(MacDonald & one of his daughters, PC: Lewis Carroll)
George MacDonald (1824–1905) isn’t widely known today, but the shadow he cast over fantasy literature is vast. Were it not for him, Alice in Wonderland might never have been printed, The Lord of the Rings might have been very different, and The Chronicles of Narnia might never have been written.
In 1858, Scottish poet George MacDonald tried his hand at prose and wrote Phantastes, hoping a fairy tale would pay better than poetry. It did. Although a modern might find the story strange, Victorian readers enjoyed its mythical elements and spiritual allusions. Other fantasies followed (The Princess and the Goblins, At the Back of the North Wind, etc.), which were written for the childlike, not children. In his essay, The Fantastic Imagination, MacDonald said he could no more explain what a fairytale is than he could describe an abstract human face; “A fairytale is just a fairytale, as a face is just a face.” In my judgment, however, Phantastes reveals the eternal template for making a fairy tale: nature is first personified (the blossom of a flower becomes the face of a fairy, the shadowy branches of a tree become the spectral hands of a witch, etc.) and then the personifications (fairy folk) are endowed with human nature (the good, the bad, and the ugly). In this way, a fairy tale becomes a wonderful way for examining the human predicament.
Phantastes established MacDonald as a literary figure, and he soon counted many writers among his friends. One of these was the Oxford mathematician Charles Dodgson. In a scene anticipating Raywin Unwin’s famous review of The Hobbit, Dodgson asked George’s opinion about a story he was writing. George suggested it be read it to the MacDonald children. It was, they loved it, and this encouraged Dodgson, under the pseudonym Lewis Carroll, to publish his immortal Alice in Wonderland.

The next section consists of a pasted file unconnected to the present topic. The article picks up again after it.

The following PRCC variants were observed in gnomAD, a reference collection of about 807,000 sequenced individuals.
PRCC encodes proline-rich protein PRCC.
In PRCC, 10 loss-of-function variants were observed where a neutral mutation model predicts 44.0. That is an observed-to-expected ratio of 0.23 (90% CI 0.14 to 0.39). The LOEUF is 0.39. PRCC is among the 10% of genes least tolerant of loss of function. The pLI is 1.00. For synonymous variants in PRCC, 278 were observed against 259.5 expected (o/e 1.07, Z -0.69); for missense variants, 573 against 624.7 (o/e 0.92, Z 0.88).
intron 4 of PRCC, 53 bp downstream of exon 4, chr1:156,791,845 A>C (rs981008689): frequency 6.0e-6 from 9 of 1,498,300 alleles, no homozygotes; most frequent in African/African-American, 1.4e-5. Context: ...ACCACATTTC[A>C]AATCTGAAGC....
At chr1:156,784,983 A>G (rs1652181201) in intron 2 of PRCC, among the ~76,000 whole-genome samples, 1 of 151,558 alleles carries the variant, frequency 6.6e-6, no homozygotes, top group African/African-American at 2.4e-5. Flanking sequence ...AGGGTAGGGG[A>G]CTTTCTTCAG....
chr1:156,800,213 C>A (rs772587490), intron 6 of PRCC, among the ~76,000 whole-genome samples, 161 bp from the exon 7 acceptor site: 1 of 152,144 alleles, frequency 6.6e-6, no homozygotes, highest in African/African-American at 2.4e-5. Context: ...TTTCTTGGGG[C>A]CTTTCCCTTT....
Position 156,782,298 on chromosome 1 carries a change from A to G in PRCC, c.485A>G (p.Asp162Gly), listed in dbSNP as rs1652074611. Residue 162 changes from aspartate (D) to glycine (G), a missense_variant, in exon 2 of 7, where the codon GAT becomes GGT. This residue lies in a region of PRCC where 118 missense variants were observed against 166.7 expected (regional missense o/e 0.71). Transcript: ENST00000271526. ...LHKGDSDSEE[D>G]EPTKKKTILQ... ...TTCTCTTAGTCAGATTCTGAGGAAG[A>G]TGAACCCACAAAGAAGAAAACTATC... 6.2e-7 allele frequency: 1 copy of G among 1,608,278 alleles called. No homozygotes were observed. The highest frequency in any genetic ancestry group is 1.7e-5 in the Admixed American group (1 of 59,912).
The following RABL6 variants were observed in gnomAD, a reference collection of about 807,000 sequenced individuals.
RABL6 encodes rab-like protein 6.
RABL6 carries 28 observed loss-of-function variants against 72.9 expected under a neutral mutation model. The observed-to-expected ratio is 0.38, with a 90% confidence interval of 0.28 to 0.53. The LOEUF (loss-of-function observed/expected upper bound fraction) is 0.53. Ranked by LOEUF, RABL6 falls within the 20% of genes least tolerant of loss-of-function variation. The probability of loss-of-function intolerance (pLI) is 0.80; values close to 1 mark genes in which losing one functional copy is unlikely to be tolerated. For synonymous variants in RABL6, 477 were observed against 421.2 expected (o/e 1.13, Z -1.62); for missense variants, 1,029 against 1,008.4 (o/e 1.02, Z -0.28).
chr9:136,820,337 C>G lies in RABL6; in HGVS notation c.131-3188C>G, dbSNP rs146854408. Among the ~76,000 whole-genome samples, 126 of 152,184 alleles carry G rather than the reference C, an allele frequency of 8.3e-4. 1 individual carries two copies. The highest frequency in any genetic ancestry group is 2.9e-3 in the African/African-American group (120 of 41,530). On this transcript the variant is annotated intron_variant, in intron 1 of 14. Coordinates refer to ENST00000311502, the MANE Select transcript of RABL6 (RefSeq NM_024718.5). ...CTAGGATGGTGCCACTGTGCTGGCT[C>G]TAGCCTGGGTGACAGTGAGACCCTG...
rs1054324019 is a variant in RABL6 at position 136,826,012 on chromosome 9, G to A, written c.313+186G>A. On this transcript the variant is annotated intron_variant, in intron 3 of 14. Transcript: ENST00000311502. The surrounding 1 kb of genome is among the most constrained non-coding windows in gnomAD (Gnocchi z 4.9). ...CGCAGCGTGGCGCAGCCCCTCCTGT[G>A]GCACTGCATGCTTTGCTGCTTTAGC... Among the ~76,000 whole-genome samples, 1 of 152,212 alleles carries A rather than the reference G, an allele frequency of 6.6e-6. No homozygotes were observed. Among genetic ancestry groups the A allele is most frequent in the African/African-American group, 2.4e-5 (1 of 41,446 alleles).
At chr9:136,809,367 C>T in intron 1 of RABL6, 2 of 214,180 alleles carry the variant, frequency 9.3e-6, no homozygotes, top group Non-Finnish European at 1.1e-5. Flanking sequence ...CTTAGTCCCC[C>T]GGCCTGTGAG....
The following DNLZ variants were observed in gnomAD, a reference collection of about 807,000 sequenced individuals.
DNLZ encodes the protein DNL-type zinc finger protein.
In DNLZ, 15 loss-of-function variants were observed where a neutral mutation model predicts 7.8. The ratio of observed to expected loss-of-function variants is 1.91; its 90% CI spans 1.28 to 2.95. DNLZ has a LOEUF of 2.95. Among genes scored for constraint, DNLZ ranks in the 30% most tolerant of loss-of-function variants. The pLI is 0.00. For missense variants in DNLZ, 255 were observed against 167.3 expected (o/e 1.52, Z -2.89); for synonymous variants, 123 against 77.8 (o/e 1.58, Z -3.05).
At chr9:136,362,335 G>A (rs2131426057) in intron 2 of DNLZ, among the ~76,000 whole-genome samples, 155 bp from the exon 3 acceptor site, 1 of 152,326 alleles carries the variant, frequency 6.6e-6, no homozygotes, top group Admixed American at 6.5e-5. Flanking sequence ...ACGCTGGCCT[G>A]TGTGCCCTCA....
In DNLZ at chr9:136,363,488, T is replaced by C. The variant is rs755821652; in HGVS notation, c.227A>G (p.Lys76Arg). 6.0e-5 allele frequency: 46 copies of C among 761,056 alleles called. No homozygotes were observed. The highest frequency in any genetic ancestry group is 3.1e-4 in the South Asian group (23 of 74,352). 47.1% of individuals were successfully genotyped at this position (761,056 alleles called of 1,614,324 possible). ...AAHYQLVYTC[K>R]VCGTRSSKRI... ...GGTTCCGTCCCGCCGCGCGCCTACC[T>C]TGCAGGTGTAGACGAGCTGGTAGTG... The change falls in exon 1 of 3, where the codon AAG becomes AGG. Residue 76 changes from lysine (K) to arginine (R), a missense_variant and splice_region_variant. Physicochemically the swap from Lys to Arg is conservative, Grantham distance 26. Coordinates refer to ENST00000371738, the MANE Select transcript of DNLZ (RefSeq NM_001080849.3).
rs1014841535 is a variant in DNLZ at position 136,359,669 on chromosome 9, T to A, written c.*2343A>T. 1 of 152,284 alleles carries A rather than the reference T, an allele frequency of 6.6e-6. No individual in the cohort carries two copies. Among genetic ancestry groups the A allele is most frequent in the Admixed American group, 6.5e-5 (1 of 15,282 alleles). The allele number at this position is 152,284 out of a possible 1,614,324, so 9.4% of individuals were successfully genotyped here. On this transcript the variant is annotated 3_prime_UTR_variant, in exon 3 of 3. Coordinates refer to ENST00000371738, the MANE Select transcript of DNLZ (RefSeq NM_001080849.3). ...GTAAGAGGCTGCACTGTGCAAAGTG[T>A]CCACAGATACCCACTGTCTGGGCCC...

J.R. R. Tolkien borrowed ideas from many sources, and he admitted his goblins (orcs), “to some extent,” resembled those in MacDonald’s The Princess and the Goblins. One noticeable similarity is that in combat, a single goblin is never the equal of a single man; it takes a “wallowing crowd of goblins” to defeat a man-at-arms.
No fantasy writer, however, was more profoundly touched by MacDonald than C. S. Lewis. “The influence of Phantastes on Jack lasted . . . all his life.”[i] According to Lewis, Phantastes converted his imagination, delivering it from the perversities of medieval romance, and convincing him fantasy could convey noble, even heavenly themes. This insight ultimately led to The Chronicles of Narnia.
Should you decide to read MacDonald, you’ll likely discover, as Chesterton did, that “He wrote nothing empty, but he wrote much that is rather too full, and of which the appreciation depends rather on a sympathy with the substance than on the first sight of the form.”
Or, as MacDonald might have said it, how much we get out of a fairy tale very often depends on how much fairy blood we have in us.
[i] George Sayer, Jack, C. S. Lewis and His Times, 57.
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